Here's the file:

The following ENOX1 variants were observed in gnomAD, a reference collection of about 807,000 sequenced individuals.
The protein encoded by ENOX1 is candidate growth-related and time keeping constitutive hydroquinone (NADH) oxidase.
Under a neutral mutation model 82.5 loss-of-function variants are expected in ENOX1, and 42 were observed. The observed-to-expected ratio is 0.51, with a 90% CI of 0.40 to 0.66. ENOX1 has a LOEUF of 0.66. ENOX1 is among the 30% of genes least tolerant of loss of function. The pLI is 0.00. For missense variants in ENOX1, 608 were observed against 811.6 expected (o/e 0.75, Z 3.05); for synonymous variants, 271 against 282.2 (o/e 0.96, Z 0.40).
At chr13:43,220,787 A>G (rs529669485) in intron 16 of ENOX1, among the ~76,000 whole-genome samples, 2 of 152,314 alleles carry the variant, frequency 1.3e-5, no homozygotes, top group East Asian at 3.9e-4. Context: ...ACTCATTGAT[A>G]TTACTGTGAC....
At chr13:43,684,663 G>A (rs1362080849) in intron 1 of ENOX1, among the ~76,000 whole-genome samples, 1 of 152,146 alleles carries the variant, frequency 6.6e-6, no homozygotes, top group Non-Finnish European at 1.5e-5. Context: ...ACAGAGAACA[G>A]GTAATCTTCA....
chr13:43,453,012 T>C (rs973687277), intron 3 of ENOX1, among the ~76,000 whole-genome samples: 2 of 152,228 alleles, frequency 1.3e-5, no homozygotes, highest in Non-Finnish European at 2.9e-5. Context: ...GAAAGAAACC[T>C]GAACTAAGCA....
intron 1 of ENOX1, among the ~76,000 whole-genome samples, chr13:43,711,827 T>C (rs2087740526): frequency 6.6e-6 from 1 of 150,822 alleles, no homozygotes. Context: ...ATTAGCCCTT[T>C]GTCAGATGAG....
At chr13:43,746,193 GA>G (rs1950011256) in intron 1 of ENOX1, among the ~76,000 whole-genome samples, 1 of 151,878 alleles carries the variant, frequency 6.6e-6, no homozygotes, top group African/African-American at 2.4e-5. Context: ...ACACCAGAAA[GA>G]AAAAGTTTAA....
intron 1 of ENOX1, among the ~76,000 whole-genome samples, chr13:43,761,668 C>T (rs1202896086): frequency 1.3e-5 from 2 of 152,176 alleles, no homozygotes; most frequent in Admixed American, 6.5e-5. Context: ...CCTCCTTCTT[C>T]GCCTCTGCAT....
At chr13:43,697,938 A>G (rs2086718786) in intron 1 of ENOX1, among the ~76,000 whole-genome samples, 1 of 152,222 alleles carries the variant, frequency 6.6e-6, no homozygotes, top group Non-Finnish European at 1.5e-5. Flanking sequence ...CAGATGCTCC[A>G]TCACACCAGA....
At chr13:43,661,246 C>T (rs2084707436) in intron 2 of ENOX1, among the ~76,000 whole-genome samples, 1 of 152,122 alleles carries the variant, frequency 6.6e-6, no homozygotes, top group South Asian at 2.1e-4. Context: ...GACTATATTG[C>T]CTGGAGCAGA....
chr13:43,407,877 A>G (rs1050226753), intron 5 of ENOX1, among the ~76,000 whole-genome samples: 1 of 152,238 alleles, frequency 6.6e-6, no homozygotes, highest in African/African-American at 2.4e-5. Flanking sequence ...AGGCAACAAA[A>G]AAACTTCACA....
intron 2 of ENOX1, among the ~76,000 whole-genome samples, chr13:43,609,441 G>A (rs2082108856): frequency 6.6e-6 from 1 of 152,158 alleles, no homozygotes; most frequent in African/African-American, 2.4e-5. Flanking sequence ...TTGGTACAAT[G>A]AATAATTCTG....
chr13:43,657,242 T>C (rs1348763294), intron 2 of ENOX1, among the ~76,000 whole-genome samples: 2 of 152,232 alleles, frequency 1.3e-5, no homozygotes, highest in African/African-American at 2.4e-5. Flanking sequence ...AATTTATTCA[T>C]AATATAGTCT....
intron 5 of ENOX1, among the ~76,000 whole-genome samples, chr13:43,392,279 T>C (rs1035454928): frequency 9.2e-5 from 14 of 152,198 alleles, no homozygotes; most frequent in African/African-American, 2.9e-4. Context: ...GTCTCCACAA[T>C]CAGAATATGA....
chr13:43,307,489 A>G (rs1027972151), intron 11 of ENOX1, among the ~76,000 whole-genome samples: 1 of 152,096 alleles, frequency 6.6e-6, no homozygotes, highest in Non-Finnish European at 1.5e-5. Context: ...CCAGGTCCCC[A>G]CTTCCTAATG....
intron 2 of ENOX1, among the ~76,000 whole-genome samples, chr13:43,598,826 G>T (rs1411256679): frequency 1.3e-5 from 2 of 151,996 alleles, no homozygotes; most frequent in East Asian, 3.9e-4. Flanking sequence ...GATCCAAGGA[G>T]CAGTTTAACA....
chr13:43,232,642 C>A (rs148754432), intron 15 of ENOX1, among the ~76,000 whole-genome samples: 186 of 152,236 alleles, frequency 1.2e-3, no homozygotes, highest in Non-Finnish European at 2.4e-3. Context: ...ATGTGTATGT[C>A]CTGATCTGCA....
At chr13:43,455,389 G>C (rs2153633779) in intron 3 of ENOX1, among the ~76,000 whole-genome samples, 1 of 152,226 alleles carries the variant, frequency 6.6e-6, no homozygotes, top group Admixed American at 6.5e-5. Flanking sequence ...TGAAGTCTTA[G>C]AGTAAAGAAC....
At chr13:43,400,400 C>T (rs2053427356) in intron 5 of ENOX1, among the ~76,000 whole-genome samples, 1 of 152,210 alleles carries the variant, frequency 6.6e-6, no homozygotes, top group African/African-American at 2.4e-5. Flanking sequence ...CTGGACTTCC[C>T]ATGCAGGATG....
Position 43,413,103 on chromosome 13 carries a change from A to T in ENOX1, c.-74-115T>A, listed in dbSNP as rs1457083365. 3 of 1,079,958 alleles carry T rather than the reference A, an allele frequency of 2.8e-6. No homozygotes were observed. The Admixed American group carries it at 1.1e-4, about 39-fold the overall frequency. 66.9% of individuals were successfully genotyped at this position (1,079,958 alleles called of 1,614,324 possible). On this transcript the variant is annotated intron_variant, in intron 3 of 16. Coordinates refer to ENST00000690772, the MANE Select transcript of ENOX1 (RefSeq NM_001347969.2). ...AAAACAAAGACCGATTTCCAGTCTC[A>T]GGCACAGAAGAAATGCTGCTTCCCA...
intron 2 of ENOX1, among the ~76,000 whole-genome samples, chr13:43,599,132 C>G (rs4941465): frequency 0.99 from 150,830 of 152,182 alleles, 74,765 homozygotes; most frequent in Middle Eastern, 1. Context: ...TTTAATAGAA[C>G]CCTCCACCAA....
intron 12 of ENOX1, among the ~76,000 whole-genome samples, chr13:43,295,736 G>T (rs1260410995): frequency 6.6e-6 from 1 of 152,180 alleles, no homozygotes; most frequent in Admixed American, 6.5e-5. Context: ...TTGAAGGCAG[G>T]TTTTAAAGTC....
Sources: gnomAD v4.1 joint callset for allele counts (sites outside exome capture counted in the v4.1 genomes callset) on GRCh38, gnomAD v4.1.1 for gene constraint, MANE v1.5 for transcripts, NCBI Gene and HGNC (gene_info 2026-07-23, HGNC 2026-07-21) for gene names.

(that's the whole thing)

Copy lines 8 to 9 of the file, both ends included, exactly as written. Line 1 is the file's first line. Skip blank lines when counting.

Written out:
At chr13:43,746,193 GA>G (rs1950011256) in intron 1 of ENOX1, among the ~76,000 whole-genome samples, 1 of 151,878 alleles carries the variant, frequency 6.6e-6, no homozygotes, top group African/African-American at 2.4e-5. Context: ...ACACCAGAAA[GA>G]AAAAGTTTAA....
intron 1 of ENOX1, among the ~76,000 whole-genome samples, chr13:43,761,668 C>T (rs1202896086): frequency 1.3e-5 from 2 of 152,176 alleles, no homozygotes; most frequent in Admixed American, 6.5e-5. Context: ...CCTCCTTCTT[C>T]GCCTCTGCAT....